Iraqi forces assault gunmen in crisis-hit city
RAMADI, Iraq - Agence France-Presse
An Iraqi soldier gestures from a tank during an intensive security deployment on the streets of Ramadi January 18, 2014. REUTERS PhotoIraqi forces launched a major assault Sunday on a Sunni Arab city partially in the control of anti-government fighters in a bid to end a weeks-long crisis ahead of elections.
The operation, which involved police, pro-government militiamen and SWAT forces, sought to wrest back key neighbourhoods of Ramadi, the capital of Anbar province and one of two cities where the authorities lost vast swathes of territory about three weeks ago.
It came as Jordan said it would host a US training programme for Iraqi forces grappling with the country's worst bloodshed since 2008 and the ongoing standoff in Anbar, which, combined, have left more than 650 people dead this month.
Diplomats including UN chief Ban Ki-moon have urged Baghdad to pursue political reconciliation to undercut support for militancy.
But with an election looming in April, Iraqi premier Nuri al-Maliki has blamed "diabolical" Arab countries for the unrest and focused on security operations.
Iraqi forces backed by tribesmen moved into five Ramadi neighbourhoods Sunday, with helicopters providing cover and firing on the sprawling district of Malaab at the centre of fighting between anti-government fighters and security forces and their tribal allies.
"The Iraqi army launched a large operation with helicopter cover against Daash, Al-Qaeda and terrorists in Ramadi," defence ministry spokesman Staff Lieutenant General Mohammed al-Askari said, according to state television, employing terms frequently used by the Iraqi security forces to describe militants.
Security forces barred movement in the city as part of the operation, which targeted neighbourhoods in the south and centre of Ramadi.
The operation will seek to take back momentum from anti-government fighters, who have expanded their hold on Ramadi in the past week after police and allied tribesmen trumpeted gains there this month.
It follows an operation mounted by elite forces in the largely rural area of Albubali that security officials have described as a militant stronghold.
Troops there have been held back, however, by the threat of snipers and anti-aircraft weapons, as well as poor weather that has limited movement.
A large section of Ramadi and all of Fallujah, both former insurgent bastions close to Baghdad, fell from government control late last month.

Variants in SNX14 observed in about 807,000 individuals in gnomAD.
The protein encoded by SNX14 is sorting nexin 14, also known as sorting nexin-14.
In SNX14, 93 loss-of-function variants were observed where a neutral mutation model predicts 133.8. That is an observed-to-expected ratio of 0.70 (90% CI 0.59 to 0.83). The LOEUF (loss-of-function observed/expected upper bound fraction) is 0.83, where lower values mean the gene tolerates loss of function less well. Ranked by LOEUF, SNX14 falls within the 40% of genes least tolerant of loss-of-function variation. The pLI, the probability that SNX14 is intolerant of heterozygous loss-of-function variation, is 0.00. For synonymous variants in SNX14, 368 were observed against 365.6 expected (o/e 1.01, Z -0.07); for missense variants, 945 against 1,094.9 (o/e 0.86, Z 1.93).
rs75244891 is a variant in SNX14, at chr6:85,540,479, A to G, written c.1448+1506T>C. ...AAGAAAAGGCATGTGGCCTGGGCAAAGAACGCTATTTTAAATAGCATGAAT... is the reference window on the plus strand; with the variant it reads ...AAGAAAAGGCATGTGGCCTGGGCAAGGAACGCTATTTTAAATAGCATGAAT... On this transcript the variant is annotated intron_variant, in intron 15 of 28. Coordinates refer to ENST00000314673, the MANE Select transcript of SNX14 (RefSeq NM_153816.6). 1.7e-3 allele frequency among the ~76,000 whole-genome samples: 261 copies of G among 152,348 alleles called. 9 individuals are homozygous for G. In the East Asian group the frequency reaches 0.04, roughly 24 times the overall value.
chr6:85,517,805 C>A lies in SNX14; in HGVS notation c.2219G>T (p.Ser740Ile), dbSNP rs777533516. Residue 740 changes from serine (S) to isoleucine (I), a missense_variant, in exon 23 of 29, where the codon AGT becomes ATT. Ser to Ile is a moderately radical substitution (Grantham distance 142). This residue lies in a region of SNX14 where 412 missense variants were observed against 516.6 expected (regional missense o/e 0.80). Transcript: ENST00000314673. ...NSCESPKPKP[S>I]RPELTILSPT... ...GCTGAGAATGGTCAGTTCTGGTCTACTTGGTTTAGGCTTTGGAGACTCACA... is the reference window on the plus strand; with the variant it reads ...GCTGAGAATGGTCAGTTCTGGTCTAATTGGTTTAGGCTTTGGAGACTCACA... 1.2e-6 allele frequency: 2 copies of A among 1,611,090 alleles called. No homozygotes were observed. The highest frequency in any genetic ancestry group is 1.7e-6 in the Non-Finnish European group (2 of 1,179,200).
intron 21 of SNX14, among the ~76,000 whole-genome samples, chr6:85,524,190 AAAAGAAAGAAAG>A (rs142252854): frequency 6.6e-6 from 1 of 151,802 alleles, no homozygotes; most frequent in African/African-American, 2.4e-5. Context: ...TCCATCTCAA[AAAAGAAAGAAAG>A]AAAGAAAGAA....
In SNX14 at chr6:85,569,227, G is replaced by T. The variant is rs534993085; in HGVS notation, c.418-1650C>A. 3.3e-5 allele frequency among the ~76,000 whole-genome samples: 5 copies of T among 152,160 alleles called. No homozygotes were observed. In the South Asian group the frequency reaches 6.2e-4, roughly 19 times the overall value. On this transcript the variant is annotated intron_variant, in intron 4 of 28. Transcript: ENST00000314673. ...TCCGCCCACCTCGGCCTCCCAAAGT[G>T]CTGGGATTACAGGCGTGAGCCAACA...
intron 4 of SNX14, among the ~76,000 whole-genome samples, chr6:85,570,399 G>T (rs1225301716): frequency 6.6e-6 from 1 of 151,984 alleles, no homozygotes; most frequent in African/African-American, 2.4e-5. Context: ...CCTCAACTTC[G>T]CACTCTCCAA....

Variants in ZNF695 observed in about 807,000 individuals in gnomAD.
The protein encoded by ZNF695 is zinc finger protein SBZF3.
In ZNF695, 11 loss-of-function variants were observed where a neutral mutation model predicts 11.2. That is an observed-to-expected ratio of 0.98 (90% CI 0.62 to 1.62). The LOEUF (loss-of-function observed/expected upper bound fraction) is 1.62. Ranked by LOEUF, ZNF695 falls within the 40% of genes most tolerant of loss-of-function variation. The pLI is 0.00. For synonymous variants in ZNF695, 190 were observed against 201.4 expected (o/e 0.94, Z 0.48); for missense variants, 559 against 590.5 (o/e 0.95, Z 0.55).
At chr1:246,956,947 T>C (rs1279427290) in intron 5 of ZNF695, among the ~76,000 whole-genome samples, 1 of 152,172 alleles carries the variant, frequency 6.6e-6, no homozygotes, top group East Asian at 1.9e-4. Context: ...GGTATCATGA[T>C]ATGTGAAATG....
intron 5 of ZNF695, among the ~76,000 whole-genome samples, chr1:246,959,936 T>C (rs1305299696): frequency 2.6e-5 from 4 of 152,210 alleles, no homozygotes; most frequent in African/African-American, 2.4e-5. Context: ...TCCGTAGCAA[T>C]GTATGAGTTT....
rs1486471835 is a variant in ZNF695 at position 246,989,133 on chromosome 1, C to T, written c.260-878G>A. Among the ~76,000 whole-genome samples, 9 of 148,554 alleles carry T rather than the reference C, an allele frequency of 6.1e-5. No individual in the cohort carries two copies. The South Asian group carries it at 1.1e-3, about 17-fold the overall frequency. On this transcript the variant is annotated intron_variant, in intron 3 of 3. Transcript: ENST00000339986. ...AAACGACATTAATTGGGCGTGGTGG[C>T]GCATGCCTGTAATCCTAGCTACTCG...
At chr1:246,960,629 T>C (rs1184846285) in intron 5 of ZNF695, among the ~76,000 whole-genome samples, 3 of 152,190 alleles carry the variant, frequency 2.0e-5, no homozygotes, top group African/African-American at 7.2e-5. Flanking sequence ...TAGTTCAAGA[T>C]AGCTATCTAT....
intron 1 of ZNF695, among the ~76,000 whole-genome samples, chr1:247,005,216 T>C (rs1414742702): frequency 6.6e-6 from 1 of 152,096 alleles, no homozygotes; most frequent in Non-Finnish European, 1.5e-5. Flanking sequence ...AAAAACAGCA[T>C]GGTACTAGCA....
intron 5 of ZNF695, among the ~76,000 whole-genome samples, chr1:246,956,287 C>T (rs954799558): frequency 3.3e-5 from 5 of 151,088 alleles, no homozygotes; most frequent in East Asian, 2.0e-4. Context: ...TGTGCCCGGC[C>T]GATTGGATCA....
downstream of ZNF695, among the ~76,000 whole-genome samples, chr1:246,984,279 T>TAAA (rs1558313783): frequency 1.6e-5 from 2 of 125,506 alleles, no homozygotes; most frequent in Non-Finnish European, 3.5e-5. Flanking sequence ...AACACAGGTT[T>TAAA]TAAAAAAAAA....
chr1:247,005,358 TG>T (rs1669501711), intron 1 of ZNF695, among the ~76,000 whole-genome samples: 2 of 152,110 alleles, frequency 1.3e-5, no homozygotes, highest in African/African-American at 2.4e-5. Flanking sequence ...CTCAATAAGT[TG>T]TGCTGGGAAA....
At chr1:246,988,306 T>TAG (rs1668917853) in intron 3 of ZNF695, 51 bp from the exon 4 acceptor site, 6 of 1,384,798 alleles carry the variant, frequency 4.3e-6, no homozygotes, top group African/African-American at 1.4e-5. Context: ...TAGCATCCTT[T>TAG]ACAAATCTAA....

It was the first time anti-government fighters have exercised such open control in major cities since the height of the insurgency that followed the US-led invasion of 2003.
Fighting originally erupted in the Ramadi area on December 30, when security forces cleared a year-old Sunni Arab protest camp.
It spread to Fallujah, and militants moved in and seized the city and parts of Ramadi after security forces withdrew.
Maliki on Sunday blamed "diabolical" and "treacherous" Arab countries for supporting the unrest, and insisted he was "confident that the Iraqi people will defeat terrorism".
"The world has united with us," he said in a speech in the southern city of Nasiriyah. "The (UN) Security Council, the European Union, and most Arab countries, except some diabolical treacherous countries." He did not single out specific countries, but Iraqi officials have alleged Saudi Arabia and Qatar in particular have supported disaffected Sunni Arabs in western Iraq as they have staged anti-government protests in the past year.
Amman meanwhile said on Sunday it would host US training for Iraqi forces, after an American defence official said Washington was waiting for an agreement with Jordan or another country to go ahead with the programme.
Maliki told The Washington Post in an interview published on Thursday that Baghdad specifically needed US "counter-terrorism" training.
The US defence official said Washington was also preparing to ship "several thousand" M-16 and M-4 assault rifles as well as ammunition to Iraq, after having already provided missiles to Maliki's government.
Violence also struck elsewhere in Iraq on Sunday, with nine people killed in restive cities north of Baghdad, a day after a wave of bombings in the capital killed 25.
Among the dead were six pro-government Sunni militiamen gunned down in an early morning attack on their checkpoint near the confessionally-mixed city of Baquba. Attacks in the predominantly Sunni cities of Mosul and Tikrit left three others dead.
More than 650 people have been killed already this month, according to an AFP tally, part of a protracted surge in unrest nationwide.